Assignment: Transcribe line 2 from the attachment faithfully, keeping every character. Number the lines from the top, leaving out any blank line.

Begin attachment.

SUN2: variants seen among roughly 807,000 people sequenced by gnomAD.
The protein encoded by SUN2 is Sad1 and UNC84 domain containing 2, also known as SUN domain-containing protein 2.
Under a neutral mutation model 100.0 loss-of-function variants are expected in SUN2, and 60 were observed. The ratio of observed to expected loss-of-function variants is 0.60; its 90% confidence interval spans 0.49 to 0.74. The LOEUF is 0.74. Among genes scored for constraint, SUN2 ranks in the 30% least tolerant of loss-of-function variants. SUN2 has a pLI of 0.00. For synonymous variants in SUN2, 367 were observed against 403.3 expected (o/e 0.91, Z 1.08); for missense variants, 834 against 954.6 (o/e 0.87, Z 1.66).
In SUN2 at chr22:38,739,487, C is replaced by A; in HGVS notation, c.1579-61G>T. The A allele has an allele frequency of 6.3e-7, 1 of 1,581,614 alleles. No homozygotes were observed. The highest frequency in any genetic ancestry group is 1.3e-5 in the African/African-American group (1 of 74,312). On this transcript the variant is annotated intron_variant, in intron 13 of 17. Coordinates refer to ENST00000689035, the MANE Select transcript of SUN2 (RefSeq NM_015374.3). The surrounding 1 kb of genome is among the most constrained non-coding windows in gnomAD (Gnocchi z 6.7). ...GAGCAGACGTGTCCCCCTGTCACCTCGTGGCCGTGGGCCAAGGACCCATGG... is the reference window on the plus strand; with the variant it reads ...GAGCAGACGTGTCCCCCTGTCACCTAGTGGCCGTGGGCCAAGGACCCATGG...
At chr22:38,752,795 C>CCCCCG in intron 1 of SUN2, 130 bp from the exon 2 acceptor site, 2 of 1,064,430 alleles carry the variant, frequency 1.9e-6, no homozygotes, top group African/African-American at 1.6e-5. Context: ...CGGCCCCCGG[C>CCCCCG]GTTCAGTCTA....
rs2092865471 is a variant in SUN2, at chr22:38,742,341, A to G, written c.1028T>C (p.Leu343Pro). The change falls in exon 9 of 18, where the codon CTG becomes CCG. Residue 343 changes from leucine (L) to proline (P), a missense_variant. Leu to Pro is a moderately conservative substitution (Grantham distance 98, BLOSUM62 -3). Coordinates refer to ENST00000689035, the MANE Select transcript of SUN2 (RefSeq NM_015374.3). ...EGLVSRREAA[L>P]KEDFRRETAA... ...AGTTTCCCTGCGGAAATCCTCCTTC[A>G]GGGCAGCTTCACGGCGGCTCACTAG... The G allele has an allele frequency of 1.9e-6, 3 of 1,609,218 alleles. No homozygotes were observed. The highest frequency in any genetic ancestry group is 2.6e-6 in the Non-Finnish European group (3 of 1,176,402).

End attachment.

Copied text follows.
The protein encoded by SUN2 is Sad1 and UNC84 domain containing 2, also known as SUN domain-containing protein 2.